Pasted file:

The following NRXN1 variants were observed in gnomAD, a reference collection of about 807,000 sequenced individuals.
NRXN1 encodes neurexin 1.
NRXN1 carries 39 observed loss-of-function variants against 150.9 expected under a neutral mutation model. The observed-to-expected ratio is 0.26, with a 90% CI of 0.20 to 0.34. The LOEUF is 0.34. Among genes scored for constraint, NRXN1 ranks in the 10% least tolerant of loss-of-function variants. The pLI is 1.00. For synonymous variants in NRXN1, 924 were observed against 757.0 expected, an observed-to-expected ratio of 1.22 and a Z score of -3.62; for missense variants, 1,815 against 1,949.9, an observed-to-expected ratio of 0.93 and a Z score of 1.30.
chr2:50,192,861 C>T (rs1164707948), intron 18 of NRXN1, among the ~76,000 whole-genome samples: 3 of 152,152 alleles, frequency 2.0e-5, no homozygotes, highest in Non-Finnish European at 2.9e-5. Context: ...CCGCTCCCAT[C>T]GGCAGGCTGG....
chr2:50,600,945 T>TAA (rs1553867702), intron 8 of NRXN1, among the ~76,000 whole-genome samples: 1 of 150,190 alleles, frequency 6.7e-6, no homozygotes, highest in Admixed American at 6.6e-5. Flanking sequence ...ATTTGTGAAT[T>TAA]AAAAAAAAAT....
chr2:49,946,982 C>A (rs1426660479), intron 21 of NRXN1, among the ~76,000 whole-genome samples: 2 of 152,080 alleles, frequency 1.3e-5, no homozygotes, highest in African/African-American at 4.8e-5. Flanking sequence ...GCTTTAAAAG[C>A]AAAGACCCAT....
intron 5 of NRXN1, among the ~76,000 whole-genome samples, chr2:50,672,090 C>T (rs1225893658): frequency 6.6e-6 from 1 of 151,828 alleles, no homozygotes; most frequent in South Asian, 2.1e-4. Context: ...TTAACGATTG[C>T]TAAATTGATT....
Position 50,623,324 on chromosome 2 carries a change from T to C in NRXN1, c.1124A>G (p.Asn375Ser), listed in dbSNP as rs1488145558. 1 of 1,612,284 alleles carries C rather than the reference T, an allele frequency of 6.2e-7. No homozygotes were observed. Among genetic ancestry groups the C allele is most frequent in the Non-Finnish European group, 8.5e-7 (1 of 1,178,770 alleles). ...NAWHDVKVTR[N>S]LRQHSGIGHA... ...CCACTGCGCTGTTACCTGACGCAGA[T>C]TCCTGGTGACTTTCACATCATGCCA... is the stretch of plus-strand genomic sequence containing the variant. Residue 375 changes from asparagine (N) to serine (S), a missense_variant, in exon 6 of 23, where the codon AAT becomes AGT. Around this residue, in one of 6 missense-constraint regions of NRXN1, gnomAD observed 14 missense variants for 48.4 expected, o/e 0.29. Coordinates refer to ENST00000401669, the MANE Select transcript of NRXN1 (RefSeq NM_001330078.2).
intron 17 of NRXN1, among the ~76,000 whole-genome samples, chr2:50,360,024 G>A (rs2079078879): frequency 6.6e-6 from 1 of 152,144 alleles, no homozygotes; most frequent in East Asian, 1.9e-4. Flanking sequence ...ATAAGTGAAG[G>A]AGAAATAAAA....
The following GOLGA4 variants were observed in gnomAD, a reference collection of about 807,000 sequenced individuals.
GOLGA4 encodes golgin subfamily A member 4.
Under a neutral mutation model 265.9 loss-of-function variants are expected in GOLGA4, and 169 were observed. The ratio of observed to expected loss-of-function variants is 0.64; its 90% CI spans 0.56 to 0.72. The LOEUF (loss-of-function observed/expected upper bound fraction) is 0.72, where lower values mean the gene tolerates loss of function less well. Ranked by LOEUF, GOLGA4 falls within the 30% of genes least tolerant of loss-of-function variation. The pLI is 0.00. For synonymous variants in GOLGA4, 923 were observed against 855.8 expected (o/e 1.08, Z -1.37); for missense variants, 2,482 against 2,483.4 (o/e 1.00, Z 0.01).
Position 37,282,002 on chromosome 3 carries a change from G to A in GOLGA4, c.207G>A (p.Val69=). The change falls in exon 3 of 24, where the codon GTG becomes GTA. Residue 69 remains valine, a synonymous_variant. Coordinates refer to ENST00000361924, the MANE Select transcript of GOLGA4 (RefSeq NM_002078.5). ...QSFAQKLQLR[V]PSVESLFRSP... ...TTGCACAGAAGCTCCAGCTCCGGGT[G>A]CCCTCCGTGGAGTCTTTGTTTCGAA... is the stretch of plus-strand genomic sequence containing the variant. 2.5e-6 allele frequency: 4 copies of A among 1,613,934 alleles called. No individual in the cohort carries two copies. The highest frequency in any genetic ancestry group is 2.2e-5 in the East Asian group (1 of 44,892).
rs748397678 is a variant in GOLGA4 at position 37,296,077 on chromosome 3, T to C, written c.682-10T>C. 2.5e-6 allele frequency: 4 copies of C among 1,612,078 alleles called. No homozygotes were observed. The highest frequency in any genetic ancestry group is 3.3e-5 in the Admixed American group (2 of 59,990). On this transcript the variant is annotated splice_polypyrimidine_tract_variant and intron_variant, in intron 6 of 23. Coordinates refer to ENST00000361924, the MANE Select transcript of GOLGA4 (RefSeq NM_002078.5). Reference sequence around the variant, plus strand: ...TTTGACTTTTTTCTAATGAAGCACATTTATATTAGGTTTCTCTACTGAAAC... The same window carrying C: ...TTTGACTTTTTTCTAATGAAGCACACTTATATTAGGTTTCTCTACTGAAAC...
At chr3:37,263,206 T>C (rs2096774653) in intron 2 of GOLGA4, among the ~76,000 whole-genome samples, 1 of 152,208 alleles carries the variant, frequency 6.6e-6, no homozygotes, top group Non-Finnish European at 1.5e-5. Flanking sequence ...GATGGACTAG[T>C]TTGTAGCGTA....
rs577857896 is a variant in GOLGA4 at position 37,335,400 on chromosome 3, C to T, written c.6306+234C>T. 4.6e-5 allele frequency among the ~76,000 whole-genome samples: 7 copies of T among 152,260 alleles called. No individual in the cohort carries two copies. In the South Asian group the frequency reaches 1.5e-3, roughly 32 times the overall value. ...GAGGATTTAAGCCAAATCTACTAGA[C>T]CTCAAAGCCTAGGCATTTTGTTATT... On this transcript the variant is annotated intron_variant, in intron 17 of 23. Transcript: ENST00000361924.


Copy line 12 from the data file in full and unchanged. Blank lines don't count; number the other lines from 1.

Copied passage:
Under a neutral mutation model 265.9 loss-of-function variants are expected in GOLGA4, and 169 were observed. The ratio of observed to expected loss-of-function variants is 0.64; its 90% CI spans 0.56 to 0.72. The LOEUF (loss-of-function observed/expected upper bound fraction) is 0.72, where lower values mean the gene tolerates loss of function less well. Ranked by LOEUF, GOLGA4 falls within the 30% of genes least tolerant of loss-of-function variation. The pLI is 0.00. For synonymous variants in GOLGA4, 923 were observed against 855.8 expected (o/e 1.08, Z -1.37); for missense variants, 2,482 against 2,483.4 (o/e 1.00, Z 0.01).